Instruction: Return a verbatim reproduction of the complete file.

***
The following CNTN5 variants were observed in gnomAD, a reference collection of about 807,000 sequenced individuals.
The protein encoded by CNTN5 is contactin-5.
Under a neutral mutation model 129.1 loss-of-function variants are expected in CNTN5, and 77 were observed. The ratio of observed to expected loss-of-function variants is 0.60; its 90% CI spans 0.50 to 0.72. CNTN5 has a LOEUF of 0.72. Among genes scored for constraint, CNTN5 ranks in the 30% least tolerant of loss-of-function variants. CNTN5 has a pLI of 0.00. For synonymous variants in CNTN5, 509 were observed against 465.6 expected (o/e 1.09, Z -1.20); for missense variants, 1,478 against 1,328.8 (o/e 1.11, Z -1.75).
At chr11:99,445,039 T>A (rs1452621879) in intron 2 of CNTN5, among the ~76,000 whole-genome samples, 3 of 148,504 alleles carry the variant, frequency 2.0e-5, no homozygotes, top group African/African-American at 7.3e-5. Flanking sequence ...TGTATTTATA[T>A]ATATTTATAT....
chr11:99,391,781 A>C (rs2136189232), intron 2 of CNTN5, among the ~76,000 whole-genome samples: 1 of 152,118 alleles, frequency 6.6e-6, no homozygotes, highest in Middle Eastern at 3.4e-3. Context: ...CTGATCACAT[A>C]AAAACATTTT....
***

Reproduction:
The following CNTN5 variants were observed in gnomAD, a reference collection of about 807,000 sequenced individuals.
The protein encoded by CNTN5 is contactin-5.
Under a neutral mutation model 129.1 loss-of-function variants are expected in CNTN5, and 77 were observed. The ratio of observed to expected loss-of-function variants is 0.60; its 90% CI spans 0.50 to 0.72. CNTN5 has a LOEUF of 0.72. Among genes scored for constraint, CNTN5 ranks in the 30% least tolerant of loss-of-function variants. CNTN5 has a pLI of 0.00. For synonymous variants in CNTN5, 509 were observed against 465.6 expected (o/e 1.09, Z -1.20); for missense variants, 1,478 against 1,328.8 (o/e 1.11, Z -1.75).
At chr11:99,445,039 T>A (rs1452621879) in intron 2 of CNTN5, among the ~76,000 whole-genome samples, 3 of 148,504 alleles carry the variant, frequency 2.0e-5, no homozygotes, top group African/African-American at 7.3e-5. Flanking sequence ...TGTATTTATA[T>A]ATATTTATAT....
chr11:99,391,781 A>C (rs2136189232), intron 2 of CNTN5, among the ~76,000 whole-genome samples: 1 of 152,118 alleles, frequency 6.6e-6, no homozygotes, highest in Middle Eastern at 3.4e-3. Context: ...CTGATCACAT[A>C]AAAACATTTT....